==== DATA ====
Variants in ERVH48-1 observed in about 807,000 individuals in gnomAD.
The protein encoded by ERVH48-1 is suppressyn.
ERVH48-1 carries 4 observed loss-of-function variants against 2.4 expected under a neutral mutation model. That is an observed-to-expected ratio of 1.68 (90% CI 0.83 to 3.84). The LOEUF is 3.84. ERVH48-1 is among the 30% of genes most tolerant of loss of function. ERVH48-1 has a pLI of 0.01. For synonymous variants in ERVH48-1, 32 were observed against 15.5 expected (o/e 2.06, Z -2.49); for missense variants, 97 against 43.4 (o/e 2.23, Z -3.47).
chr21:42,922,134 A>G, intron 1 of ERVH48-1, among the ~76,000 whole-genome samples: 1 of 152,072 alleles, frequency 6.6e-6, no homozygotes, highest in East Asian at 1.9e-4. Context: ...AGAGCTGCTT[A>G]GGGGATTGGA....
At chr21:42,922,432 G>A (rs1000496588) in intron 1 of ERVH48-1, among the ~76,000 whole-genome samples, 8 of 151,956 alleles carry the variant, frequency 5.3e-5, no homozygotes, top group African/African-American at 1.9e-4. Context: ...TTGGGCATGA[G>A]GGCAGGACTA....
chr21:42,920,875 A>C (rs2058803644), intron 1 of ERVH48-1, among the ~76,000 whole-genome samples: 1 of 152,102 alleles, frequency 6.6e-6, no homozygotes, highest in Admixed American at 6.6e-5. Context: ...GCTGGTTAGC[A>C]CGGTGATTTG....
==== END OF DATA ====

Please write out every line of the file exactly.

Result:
Variants in ERVH48-1 observed in about 807,000 individuals in gnomAD.
The protein encoded by ERVH48-1 is suppressyn.
ERVH48-1 carries 4 observed loss-of-function variants against 2.4 expected under a neutral mutation model. That is an observed-to-expected ratio of 1.68 (90% CI 0.83 to 3.84). The LOEUF is 3.84. ERVH48-1 is among the 30% of genes most tolerant of loss of function. ERVH48-1 has a pLI of 0.01. For synonymous variants in ERVH48-1, 32 were observed against 15.5 expected (o/e 2.06, Z -2.49); for missense variants, 97 against 43.4 (o/e 2.23, Z -3.47).
chr21:42,922,134 A>G, intron 1 of ERVH48-1, among the ~76,000 whole-genome samples: 1 of 152,072 alleles, frequency 6.6e-6, no homozygotes, highest in East Asian at 1.9e-4. Context: ...AGAGCTGCTT[A>G]GGGGATTGGA....
At chr21:42,922,432 G>A (rs1000496588) in intron 1 of ERVH48-1, among the ~76,000 whole-genome samples, 8 of 151,956 alleles carry the variant, frequency 5.3e-5, no homozygotes, top group African/African-American at 1.9e-4. Context: ...TTGGGCATGA[G>A]GGCAGGACTA....
chr21:42,920,875 A>C (rs2058803644), intron 1 of ERVH48-1, among the ~76,000 whole-genome samples: 1 of 152,102 alleles, frequency 6.6e-6, no homozygotes, highest in Admixed American at 6.6e-5. Context: ...GCTGGTTAGC[A>C]CGGTGATTTG....